Wingenter had a strong audition last year in 22 games, he posted a 3.79 ERA and a 102 ERA+. He has built off of that this season. Still just 25, there have been some growing pains but overall, Wingenter has been the best reliever throughout the whole season for San Diego this side of Kirby Yates. In 30 appearances, he has a 3.56 ERA with a solid 117 ERA+, only Perdomo (in far less innings) and Yates have a better ERA+ in the bullpen. He strikes out 12.8 batters per nine innings, second only to the sure-fire All-Star closer Yates. He has only allowed two runs total in his last six appearances. June has been more challenging than other months this year, with a 4.97 ERA thus far, but he has already shown the ability to bounce back quickly as he has allowed runs in back to back outings just once this year.
Erlin has been recently sent down to Triple-A but has still made 24 appearances and tossed almost 32 innings. This is his sixth season with the team after recovering from Tommy John surgery, missing the entire 2017 season. His chances may be dwindling to stick around as he has a 5.40 ERA with a 77 ERA+, less than inspiring numbers. His last appearance was in that wild series in Colorado when nothing went right on the mound for either side and Erlin allowed six earned runs in just 2 1/3 innings. His ERA was actually in the low-fours before that debacle. He had a 3.97 ERA in the first month and has struggled since. To his credit, he had put together five straight scoreless games before that unraveling took place. He will most likely find himself in San Diego again as they continue to search for answers.
This is Stammen’s third year with the Padres and in his first two seasons, he put together some solid numbers, with a 2.94 ERA and 137 ERA+ in those two years combined. Be it Father Time or league adjustments, this year has been a different story. It has been much more of an up and down ride. He still shows flashes of the quality relief pitcher he has been for the better part of a decade. In May, Stammen was lights out with a 2.03 ERA but things have gotten out of hand in June, with a 10.24 ERA. An example of his roller coaster ride is that he sandwiched two four earned-run outings between six scoreless ones. He seemed to get back on track in his last game, helping the Padres hold a lead in Baltimore with 1 1/3 innings and three strikeouts. Stammen has the track record of success that his fellow, younger relievers do not have.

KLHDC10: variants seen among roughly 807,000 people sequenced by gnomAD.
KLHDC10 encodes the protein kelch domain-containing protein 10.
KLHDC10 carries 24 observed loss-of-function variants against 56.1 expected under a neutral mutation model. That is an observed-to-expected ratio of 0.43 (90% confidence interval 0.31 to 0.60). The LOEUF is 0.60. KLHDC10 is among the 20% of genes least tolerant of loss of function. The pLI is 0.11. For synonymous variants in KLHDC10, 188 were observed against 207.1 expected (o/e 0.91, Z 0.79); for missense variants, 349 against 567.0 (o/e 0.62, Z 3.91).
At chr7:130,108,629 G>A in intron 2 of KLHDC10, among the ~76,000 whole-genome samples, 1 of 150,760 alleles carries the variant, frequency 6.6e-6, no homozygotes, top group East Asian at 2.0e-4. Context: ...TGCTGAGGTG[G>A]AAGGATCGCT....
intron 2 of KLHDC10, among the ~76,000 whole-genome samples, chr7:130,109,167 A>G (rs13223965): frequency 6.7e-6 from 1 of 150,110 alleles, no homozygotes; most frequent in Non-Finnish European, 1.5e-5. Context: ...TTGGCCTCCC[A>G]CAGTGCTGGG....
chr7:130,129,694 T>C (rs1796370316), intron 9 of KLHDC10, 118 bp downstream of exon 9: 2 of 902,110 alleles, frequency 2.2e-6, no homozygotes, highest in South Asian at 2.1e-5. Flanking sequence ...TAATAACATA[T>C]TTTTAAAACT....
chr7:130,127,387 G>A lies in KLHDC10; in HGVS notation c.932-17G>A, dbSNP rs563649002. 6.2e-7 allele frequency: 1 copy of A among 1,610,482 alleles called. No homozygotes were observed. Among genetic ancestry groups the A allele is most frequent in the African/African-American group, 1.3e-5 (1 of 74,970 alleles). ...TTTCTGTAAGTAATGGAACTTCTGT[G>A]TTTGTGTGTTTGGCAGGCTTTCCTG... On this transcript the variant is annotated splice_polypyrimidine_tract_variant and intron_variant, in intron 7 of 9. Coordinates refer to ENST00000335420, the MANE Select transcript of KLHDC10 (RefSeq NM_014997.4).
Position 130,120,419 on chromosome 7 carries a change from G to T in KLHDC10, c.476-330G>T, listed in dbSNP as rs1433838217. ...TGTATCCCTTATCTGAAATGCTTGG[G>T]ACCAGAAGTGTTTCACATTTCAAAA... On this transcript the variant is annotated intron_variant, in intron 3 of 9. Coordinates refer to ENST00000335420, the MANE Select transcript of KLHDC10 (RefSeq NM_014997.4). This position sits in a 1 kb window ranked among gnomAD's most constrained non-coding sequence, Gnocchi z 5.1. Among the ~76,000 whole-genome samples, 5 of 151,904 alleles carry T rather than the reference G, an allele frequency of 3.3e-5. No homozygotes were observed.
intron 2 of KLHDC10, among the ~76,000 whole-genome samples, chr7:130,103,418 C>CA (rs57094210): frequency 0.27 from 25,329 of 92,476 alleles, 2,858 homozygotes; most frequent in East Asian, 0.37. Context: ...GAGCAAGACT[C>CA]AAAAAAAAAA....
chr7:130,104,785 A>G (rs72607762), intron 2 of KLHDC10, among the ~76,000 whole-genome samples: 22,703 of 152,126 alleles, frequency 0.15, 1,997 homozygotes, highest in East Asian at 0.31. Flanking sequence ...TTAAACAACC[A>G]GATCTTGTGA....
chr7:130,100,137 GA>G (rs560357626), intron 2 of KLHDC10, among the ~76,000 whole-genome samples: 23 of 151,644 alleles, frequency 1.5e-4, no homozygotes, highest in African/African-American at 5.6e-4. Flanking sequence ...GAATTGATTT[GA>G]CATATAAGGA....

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In a year of so many ups and downs with the pitching staff, Yates is having a season for the ages. Trevor Hoffman set the world on fire in 1998 with 53 saves and a 1.48 ERA, posting a 265 ERA+. Yates currently owns a 306 ERA+, far exceeding Hoffman’s career high. This is not to say Yates will have his number retired at Petco Park or put in Cooperstown but it’s to paint the picture of just how dominant he has been this year. He leads the entire league with 26 saves and only has blown one, which was just this past weekend. It had been almost a full calendar year since his last blown save. He has a 1.36 ERA and before that blown save on Sunday, he had not allowed a run in a save situation. He surely will be headed to Cleveland for the All-Star game, perhaps as the only Padres representative. He is continuing the long pedigree of Padres relievers who turn their careers around and themselves into All-Star caliber closers.
Native of Escondido, CA. Lived in San Diego area for 20 years. Padres fan since childhood (mid-90s). I have been writing since 2014. I currently live near Seattle, WA and am married to a Seattle sports girl. I wore #19 on my high school baseball team for Tony Gwynn. I am a stats and sports history nerd. I attended BYU on the Idaho campus. I also love Star Wars.